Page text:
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dc.contributor.authorTevik, Kjerstin
dc.contributor.authorSelbæk, Geir
dc.contributor.authorEngedal, Knut
dc.contributor.authorSeim, Arnfinn
dc.contributor.authorKrokstad, Steinar
dc.contributor.authorHelvik, Anne-S
dc.date.accessioned2019-04-23T05:23:44Z
dc.date.available2019-04-23T05:23:44Z
dc.date.issued2019
dc.identifier.citationBMC Geriatrics. 2019 Apr 18;19(1):113
dc.identifier.urihttp://hdl.handle.net/10852/67766
dc.description.abstractBackground Little is known about factors associated with alcohol consumption and use of drugs with addiction potential in older adults. The aim of this study was to explore the association between socio-demographic variables, physical and mental health and the later (11 years) use of frequent drinking, prescribed drugs with addiction potential and the possible combination of frequent drinking and being prescribed drugs with addiction potential in older adults (≥ 65 years). Methods In this longitudinal study, we used data from two surveys of the Nord-Trøndelag Health Study (HUNT2 1995–1997 and HUNT3 2006–2008), a population based study in Norway. We totally included 10,656 individuals (5683 women) aged 54 years and older when they participated in HUNT2. Frequent drinking was defined as drinking alcohol 4 days or more per week. Data on prescribed drugs with addiction potential were drawn from the Norwegian Prescription Database. Drugs with addiction potential were defined as at least one prescription of benzodiazepines, z-hypnotics or opioids during one year for a minimum of two consecutive years between 2005 and 2009. Results The typical frequent drinker in HUNT3 was younger, more educated, lived in urban areas, and reported smoking and drinking frequently in HUNT2 compared to the non-frequent drinker in HUNT3. The typical user of prescribed drugs with addiction potential in HUNT3 was an older woman who smoked and was in poor health, suffered from anxiety, had been hospitalized in the last 5 years and used anxiety or sleep medication every week or more often in HUNT2. The typical individual in HUNT3 with the possible combination of frequent drinking and being prescribed drugs with addiction potential had more education, smoked, drank frequently and used anxiety or sleep medication in HUNT2. Conclusion Individuals who were identified as frequent drinkers in HUNT2 were more likely to be frequent drinkers in HUNT3, and to have the possible combination of frequent drinking and being prescribed drugs with addiction potential in HUNT3. Health care professionals need to be aware of use of alcohol among older adults using drugs with addiction potential.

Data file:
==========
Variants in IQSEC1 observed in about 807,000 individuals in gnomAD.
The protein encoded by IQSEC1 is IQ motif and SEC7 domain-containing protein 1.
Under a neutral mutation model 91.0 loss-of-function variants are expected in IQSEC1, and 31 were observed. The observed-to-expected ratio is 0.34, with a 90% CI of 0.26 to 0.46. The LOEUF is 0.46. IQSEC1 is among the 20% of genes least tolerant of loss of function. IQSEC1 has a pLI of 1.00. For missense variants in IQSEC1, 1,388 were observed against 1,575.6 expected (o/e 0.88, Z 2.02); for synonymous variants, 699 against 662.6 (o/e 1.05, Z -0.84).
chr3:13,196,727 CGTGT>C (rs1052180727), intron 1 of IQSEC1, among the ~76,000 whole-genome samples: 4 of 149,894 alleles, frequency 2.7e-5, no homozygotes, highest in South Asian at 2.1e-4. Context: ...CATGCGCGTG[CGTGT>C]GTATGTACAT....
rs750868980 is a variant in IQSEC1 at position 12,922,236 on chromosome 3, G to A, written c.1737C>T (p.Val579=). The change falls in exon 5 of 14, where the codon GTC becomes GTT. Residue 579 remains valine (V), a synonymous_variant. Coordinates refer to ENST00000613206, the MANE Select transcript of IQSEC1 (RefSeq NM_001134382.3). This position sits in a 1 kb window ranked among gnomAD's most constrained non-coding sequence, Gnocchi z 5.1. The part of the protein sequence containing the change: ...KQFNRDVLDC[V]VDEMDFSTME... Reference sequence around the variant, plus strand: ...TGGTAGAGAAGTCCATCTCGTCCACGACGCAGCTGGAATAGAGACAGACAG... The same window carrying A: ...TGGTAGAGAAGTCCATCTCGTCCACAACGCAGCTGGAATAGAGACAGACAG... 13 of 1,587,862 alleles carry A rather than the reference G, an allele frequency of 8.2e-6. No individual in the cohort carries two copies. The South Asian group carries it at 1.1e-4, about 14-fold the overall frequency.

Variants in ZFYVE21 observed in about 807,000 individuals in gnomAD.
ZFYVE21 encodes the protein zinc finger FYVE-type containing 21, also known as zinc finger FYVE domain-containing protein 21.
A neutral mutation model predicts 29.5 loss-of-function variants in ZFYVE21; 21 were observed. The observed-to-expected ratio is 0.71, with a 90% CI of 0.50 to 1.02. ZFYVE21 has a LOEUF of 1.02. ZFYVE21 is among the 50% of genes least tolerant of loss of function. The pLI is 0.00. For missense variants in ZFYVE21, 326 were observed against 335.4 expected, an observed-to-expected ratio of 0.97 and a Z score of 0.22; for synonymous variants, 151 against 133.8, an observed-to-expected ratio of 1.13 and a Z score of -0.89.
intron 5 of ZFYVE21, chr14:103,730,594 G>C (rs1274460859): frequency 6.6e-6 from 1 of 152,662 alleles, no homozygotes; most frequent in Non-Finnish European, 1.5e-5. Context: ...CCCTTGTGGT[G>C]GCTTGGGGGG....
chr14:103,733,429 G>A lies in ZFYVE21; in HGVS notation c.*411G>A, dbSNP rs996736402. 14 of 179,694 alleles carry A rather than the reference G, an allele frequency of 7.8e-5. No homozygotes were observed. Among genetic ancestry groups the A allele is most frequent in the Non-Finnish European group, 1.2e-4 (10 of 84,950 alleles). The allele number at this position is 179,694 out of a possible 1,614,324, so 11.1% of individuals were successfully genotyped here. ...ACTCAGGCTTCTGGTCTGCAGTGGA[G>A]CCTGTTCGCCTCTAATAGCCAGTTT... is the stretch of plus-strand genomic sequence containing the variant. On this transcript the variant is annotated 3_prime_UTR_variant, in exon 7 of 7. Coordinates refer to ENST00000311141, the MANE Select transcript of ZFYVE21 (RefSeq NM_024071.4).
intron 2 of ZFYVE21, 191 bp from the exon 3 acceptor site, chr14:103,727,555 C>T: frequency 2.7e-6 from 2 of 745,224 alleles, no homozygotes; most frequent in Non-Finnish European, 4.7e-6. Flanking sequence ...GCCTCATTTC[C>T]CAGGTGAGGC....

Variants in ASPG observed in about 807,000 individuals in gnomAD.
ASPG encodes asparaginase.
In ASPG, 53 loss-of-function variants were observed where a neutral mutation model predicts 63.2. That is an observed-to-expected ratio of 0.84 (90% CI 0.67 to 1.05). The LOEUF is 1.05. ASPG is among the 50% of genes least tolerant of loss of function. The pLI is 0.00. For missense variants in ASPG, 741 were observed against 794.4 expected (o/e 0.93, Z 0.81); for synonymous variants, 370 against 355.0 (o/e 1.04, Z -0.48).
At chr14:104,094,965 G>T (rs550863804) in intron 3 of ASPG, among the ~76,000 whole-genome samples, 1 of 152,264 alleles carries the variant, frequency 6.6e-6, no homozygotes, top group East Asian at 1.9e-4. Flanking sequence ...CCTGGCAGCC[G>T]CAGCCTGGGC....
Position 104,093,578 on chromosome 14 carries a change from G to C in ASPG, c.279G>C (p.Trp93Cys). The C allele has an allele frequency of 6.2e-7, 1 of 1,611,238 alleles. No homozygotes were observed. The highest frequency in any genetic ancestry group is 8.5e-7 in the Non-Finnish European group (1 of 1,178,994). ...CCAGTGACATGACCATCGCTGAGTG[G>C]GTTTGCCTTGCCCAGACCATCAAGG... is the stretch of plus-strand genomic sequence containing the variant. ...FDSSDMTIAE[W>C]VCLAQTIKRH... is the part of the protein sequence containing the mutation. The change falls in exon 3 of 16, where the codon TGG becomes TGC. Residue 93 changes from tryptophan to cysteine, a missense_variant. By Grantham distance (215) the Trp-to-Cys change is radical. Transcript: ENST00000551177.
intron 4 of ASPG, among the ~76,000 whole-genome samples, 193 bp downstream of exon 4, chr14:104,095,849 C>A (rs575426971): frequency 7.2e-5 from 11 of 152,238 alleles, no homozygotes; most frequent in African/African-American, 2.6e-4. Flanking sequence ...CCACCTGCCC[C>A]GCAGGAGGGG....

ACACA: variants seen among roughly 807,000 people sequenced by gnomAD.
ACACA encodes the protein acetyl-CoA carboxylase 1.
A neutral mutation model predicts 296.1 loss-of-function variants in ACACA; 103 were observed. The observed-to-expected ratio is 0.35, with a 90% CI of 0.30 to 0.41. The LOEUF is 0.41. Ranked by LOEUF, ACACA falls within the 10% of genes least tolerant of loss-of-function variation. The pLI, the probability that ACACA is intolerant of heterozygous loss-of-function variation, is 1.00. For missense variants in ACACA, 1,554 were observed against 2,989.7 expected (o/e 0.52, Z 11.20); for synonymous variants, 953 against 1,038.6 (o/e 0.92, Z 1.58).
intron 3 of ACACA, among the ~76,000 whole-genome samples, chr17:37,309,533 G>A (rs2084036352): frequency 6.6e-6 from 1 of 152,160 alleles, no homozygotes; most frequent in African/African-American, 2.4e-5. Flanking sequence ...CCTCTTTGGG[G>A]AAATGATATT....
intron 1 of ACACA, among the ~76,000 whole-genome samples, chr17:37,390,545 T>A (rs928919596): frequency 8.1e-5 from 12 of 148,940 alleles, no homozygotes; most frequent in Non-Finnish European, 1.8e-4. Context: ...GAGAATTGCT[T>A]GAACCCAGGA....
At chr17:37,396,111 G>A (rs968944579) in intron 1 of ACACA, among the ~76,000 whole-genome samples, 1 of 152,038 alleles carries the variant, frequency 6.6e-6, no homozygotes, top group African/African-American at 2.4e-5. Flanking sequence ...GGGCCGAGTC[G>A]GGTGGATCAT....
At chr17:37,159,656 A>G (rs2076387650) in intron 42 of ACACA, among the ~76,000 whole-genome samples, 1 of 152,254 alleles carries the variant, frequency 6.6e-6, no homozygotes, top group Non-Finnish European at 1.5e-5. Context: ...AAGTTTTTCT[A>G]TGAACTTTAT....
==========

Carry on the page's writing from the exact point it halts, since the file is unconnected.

dc.language.isoeng
dc.rightsThe Author(s).
dc.rightsAttribution 4.0 International
dc.rights.urihttp://creativecommons.org/licenses/by/4.0/
dc.titleFactors associated with alcohol consumption and prescribed drugs with addiction potential among older women and men – the Nord-Trøndelag health study (HUNT2 and HUNT3), Norway, a population-based longitudinal study
dc.typeJournal article
dc.date.updated2019-04-23T05:23:45Z
dc.creator.authorTevik, Kjerstin
dc.creator.authorSelbæk, Geir
dc.creator.authorEngedal, Knut
dc.creator.authorSeim, Arnfinn
dc.creator.authorKrokstad, Steinar
dc.creator.authorHelvik, Anne-S
dc.identifier.doihttps://doi.org/10.1186/s12877-019-1114-2
dc.identifier.urnURN:NBN:no-70932
dc.type.documentTidsskriftartikkel
dc.type.peerreviewedPeer reviewed
dc.identifier.fulltextFulltext https://www.duo.uio.no/bitstream/handle/10852/67766/1/12877_2019_Article_1114.pdf
dc.type.versionPublishedVersion
cristin.articleid113


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